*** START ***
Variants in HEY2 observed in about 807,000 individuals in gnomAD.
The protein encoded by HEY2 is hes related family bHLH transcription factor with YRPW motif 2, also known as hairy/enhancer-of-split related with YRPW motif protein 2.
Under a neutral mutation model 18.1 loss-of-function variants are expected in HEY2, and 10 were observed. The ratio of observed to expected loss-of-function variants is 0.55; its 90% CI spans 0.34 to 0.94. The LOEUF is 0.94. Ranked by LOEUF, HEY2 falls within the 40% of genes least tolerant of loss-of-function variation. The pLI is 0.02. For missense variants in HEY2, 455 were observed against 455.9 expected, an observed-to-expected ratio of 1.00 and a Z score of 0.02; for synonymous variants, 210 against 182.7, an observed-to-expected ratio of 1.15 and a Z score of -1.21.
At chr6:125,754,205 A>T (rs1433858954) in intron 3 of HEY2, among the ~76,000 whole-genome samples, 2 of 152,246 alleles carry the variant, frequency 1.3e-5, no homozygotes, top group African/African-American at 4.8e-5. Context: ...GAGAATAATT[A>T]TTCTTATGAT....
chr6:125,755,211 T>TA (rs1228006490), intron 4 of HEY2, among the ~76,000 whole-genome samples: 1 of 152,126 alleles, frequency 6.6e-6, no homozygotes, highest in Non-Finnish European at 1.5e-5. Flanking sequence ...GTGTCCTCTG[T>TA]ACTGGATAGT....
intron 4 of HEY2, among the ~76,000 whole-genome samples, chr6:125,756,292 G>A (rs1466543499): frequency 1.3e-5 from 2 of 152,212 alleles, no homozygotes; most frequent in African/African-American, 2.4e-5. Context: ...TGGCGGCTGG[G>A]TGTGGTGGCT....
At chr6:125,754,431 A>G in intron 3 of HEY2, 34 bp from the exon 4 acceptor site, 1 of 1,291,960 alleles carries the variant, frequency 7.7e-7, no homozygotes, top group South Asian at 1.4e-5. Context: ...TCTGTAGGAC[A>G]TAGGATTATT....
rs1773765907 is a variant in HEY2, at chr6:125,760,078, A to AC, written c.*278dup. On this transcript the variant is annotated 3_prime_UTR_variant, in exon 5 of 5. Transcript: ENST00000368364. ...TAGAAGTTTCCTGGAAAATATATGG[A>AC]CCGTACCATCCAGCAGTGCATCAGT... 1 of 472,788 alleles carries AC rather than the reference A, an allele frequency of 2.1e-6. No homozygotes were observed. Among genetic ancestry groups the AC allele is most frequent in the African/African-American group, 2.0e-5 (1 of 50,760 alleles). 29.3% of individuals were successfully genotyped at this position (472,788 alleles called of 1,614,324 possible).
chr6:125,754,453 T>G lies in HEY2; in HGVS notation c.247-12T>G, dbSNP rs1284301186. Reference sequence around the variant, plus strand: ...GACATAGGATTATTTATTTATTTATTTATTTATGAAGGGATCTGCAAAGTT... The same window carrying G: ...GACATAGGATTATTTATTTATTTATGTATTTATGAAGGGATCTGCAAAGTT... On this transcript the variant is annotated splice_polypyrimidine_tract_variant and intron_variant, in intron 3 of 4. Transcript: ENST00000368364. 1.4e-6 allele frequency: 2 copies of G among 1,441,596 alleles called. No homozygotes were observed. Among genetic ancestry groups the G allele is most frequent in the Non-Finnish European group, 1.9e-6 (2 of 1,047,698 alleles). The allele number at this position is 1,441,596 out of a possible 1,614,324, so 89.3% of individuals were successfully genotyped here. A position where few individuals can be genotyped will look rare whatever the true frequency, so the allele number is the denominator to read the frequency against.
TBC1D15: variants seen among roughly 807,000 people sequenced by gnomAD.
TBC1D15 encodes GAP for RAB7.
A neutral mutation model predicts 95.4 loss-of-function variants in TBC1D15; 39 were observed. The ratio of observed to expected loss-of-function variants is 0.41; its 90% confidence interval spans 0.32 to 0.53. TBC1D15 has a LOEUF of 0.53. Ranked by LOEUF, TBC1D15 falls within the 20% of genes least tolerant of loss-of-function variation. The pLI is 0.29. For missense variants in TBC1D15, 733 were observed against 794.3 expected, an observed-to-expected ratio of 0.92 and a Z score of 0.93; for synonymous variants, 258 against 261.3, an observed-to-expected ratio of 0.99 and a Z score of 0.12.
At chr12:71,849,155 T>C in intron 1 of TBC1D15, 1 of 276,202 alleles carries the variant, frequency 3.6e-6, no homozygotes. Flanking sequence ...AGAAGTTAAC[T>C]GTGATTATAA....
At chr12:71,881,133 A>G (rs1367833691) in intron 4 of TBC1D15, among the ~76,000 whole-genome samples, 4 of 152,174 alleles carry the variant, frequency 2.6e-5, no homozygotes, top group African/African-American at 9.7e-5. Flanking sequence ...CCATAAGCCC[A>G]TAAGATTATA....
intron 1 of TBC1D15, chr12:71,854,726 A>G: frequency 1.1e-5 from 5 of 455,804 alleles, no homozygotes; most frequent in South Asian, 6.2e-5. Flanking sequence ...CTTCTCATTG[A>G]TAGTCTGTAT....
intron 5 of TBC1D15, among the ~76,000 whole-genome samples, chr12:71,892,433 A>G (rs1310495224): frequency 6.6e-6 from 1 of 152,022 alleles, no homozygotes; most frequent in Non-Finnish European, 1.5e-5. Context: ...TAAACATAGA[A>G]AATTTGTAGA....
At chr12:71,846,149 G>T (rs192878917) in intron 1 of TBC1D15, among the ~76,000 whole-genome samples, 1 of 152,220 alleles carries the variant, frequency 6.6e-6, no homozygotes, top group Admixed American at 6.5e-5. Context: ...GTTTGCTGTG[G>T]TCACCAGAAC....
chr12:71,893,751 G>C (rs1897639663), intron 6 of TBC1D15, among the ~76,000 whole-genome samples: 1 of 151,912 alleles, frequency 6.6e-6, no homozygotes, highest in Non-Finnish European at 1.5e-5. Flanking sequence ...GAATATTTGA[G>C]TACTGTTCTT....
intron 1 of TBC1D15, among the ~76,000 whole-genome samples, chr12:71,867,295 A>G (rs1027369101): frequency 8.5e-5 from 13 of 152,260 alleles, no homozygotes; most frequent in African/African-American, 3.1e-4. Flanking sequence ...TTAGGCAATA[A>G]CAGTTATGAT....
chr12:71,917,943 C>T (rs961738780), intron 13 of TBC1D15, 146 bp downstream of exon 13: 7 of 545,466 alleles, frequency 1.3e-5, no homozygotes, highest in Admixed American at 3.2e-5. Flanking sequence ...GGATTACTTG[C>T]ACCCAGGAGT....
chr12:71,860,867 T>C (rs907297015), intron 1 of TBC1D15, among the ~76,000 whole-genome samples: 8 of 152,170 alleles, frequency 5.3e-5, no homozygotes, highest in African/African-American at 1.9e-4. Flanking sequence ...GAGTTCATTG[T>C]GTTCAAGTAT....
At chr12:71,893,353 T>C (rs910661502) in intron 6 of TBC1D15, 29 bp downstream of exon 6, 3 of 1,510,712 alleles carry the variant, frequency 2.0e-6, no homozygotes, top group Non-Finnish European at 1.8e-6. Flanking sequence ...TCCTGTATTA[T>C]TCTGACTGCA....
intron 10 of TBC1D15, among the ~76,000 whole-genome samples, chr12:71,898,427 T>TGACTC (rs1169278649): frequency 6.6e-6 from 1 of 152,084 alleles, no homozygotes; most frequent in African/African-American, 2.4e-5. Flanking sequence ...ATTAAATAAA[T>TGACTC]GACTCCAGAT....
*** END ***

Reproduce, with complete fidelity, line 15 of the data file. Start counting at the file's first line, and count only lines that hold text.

intron 1 of TBC1D15, chr12:71,854,726 A>G: frequency 1.1e-5 from 5 of 455,804 alleles, no homozygotes; most frequent in South Asian, 6.2e-5. Flanking sequence ...CTTCTCATTG[A>G]TAGTCTGTAT....